Hello (Not Adele)

hello

 

This winter has been extremely mild, probably the mildest I ever remember for western Pennsylvania (the five winters in Florida don’t count, for obvious reasons).

Bonnie and I have been pretty faithful in our walking at Buhl Park, our favorite place to walk. Today, for example, it was sunny and 39 degrees, a bit brisk but if dressed properly, very doable. The coldest I’ve walked in was 12 degrees, but I wasn’t dressed properly.

Sometimes we walk in the morning, which is preferable unless bitter cold, and sometimes in the afternoon. We walked this afternoon, and Bonnie and I talked about the differences between morning walkers and afternoon ones.

Morning walkers seem to be more pleasant and friendly. They spot you from 15 yards away and begin their eye contact. As they approach, brief conversations occur. “Good morning, great day isn’t it?”. “Yes, unbelievable warm winter”. “Best I can remember”. “Hope it stays that way till spring”. “Have a good day”. “You too”.

Pleasant, friendly, and engaging. One of the things I like about small town living. You get to know people and people aren’t afraid to talk to each other.

Unless you’re an afternoon walker. They seem to be a little more “uptight”. Maybe it’s because they’re in a hurry or they’re on a break from work or maybe they think they’re better than you.

They spot you from 15 yards away and immediately lower their eyes. They move towards you but further to the side away from you. I like to force them to ignore me. I stare at them until they make eye contact, and if they don’t, I say, “Good afternoon” or “hey”. Sometimes they respond politely, but mostly they ignore or pretend they don’t hear. These are the ones not wearing headphones. The ones with headphones don’t acknowledge anything.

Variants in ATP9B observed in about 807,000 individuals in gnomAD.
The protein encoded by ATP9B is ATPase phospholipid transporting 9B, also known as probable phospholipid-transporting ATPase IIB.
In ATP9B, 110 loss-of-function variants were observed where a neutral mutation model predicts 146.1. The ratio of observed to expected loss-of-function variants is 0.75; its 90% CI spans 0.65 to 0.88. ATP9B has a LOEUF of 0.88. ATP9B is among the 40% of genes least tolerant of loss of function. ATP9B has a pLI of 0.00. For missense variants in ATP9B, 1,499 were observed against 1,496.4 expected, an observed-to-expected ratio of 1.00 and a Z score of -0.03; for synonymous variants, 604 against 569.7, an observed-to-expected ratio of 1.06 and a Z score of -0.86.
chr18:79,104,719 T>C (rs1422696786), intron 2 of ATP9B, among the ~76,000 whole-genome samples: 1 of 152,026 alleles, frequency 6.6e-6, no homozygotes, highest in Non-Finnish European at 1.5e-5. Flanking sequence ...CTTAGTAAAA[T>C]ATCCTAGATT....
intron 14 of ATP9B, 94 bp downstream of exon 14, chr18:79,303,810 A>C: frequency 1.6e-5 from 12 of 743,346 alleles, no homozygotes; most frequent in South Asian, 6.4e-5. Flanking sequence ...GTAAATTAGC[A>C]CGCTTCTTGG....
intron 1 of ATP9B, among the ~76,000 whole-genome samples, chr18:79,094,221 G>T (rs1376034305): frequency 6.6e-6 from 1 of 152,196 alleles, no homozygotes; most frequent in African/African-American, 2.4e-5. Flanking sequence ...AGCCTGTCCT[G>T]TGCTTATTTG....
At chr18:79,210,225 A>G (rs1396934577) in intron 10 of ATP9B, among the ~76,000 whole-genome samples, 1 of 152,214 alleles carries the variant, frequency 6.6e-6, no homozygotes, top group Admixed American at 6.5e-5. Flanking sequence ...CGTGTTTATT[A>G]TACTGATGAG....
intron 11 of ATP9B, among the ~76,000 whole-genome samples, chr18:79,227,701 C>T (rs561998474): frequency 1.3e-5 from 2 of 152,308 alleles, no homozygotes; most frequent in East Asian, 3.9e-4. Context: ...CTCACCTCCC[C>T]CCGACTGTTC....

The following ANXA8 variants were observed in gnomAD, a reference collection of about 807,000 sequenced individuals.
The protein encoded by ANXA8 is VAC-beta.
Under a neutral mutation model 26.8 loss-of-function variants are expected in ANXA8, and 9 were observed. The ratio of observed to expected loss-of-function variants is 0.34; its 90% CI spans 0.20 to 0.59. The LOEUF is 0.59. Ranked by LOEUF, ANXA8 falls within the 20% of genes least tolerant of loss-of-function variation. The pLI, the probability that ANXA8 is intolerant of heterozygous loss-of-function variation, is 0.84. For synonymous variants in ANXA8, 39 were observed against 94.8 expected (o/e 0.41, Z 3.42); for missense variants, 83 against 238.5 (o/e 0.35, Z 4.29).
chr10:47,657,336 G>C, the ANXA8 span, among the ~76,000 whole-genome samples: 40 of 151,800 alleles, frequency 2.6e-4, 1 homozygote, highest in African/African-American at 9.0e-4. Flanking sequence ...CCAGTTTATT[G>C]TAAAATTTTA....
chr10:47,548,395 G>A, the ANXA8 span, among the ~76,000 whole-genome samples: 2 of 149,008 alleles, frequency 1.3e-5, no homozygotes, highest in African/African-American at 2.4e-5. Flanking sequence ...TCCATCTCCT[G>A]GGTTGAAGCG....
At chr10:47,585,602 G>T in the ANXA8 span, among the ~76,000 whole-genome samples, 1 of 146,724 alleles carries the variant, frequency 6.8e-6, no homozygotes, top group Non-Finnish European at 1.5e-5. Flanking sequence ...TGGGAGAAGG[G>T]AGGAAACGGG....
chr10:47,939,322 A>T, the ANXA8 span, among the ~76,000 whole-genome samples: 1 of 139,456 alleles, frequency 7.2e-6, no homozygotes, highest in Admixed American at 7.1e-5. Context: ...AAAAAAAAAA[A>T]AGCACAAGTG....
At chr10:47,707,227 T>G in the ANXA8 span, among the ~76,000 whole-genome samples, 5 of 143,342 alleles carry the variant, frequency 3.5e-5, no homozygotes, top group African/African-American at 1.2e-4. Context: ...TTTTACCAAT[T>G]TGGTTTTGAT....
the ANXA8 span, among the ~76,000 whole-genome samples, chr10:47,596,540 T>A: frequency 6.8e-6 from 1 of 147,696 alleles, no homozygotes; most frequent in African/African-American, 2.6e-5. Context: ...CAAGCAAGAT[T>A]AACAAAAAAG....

The girl yesterday was beyond ridiculous. We hit the 15 yard mark and she was wearing headphones. She wouldn’t make contact, not even a glance. And THEN as she is within 10 feet of me, she turns in the opposite direction of me and looks into the sky! I’m thinking, “Lady, I’m 260, what the heck is bigger that you’re looking at in the sky?”

And there’s no shame. I feel they go home and write in their diary, “Dear diary, I walked in the Park today and talked with no one. Oh, one or two tried to engage me with a “hello”, but I stared off into space as if I had spotted the Second Coming. Well done, diary, a good day”.

My wife Bonnie is the nicest person I know. She is ridiculously nice. I think I caught my diabetes from her sweetness. She has held the door for so many people when we’re shopping, I could get a burger and a haircut and she’d still be holding the door. She has a sign in our house that says, “Because Nice Matters”. People make fun of her, but I tell you, when people start to complain or judge, she gives them the right advice always and says afterwards, “And why do we do that?”. And the person she is talking to says “Because nice matters.” They know her.

Why is it that people refuse to be nice? A simple “hello”, a heartfelt “How are you?”, must be too taxing for people to say. It would require caring, interest, and possibly, oh no, love? When did we become a world of tin men? Trying to go to the Wizard to get a heart. How have we become so cold?

It reminds me of Matthew 24:12- “And because lawlessness will be increased, the love of many will grow cold”.  Is that where we’re at? Have we chosen to build walls around us so not to get hurt? Can anyone break those walls?

The walls, my friends, come down from our side. We have to choose to trust, to engage, to “be bothered with other people”, and even to love. It’s as simple as a “hello”. Yet that appears to be, at least in the afternoon, the hardest word to say.

 

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